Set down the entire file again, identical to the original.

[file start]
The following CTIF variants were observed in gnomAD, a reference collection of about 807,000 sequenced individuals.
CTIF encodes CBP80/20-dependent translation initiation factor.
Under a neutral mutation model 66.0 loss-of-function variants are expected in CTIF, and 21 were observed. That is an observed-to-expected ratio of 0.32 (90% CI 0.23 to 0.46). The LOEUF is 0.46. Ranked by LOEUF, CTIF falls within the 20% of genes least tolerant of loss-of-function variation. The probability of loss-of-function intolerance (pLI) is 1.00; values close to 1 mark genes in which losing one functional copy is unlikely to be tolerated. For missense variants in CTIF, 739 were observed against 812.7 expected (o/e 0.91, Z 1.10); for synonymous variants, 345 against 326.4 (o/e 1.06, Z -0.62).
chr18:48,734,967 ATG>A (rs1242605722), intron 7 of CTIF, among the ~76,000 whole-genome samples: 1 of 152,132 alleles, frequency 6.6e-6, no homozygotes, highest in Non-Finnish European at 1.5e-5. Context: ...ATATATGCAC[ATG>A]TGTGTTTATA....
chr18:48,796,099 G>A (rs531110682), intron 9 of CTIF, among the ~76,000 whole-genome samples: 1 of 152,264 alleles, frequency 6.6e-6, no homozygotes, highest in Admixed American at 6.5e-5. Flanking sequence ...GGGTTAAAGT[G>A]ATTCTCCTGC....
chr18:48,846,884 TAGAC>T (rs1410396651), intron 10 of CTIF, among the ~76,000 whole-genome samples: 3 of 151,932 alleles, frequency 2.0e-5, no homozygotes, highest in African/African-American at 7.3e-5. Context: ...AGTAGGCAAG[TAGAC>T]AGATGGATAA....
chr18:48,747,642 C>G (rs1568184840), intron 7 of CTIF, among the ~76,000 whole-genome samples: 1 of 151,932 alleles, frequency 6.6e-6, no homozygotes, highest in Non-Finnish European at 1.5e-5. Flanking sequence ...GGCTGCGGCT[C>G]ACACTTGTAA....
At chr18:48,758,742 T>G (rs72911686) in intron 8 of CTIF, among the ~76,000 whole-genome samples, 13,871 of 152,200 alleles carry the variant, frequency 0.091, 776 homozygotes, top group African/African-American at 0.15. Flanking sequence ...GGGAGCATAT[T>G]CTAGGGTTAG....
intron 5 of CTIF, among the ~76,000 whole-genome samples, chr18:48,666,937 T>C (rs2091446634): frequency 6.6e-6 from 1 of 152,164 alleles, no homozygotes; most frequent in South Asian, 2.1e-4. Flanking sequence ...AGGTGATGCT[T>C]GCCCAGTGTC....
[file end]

The following CTIF variants were observed in gnomAD, a reference collection of about 807,000 sequenced individuals.
CTIF encodes CBP80/20-dependent translation initiation factor.
Under a neutral mutation model 66.0 loss-of-function variants are expected in CTIF, and 21 were observed. That is an observed-to-expected ratio of 0.32 (90% CI 0.23 to 0.46). The LOEUF is 0.46. Ranked by LOEUF, CTIF falls within the 20% of genes least tolerant of loss-of-function variation. The probability of loss-of-function intolerance (pLI) is 1.00; values close to 1 mark genes in which losing one functional copy is unlikely to be tolerated. For missense variants in CTIF, 739 were observed against 812.7 expected (o/e 0.91, Z 1.10); for synonymous variants, 345 against 326.4 (o/e 1.06, Z -0.62).
chr18:48,734,967 ATG>A (rs1242605722), intron 7 of CTIF, among the ~76,000 whole-genome samples: 1 of 152,132 alleles, frequency 6.6e-6, no homozygotes, highest in Non-Finnish European at 1.5e-5. Context: ...ATATATGCAC[ATG>A]TGTGTTTATA....
chr18:48,796,099 G>A (rs531110682), intron 9 of CTIF, among the ~76,000 whole-genome samples: 1 of 152,264 alleles, frequency 6.6e-6, no homozygotes, highest in Admixed American at 6.5e-5. Flanking sequence ...GGGTTAAAGT[G>A]ATTCTCCTGC....
chr18:48,846,884 TAGAC>T (rs1410396651), intron 10 of CTIF, among the ~76,000 whole-genome samples: 3 of 151,932 alleles, frequency 2.0e-5, no homozygotes, highest in African/African-American at 7.3e-5. Context: ...AGTAGGCAAG[TAGAC>T]AGATGGATAA....
chr18:48,747,642 C>G (rs1568184840), intron 7 of CTIF, among the ~76,000 whole-genome samples: 1 of 151,932 alleles, frequency 6.6e-6, no homozygotes, highest in Non-Finnish European at 1.5e-5. Flanking sequence ...GGCTGCGGCT[C>G]ACACTTGTAA....
At chr18:48,758,742 T>G (rs72911686) in intron 8 of CTIF, among the ~76,000 whole-genome samples, 13,871 of 152,200 alleles carry the variant, frequency 0.091, 776 homozygotes, top group African/African-American at 0.15. Flanking sequence ...GGGAGCATAT[T>G]CTAGGGTTAG....
intron 5 of CTIF, among the ~76,000 whole-genome samples, chr18:48,666,937 T>C (rs2091446634): frequency 6.6e-6 from 1 of 152,164 alleles, no homozygotes; most frequent in South Asian, 2.1e-4. Flanking sequence ...AGGTGATGCT[T>C]GCCCAGTGTC....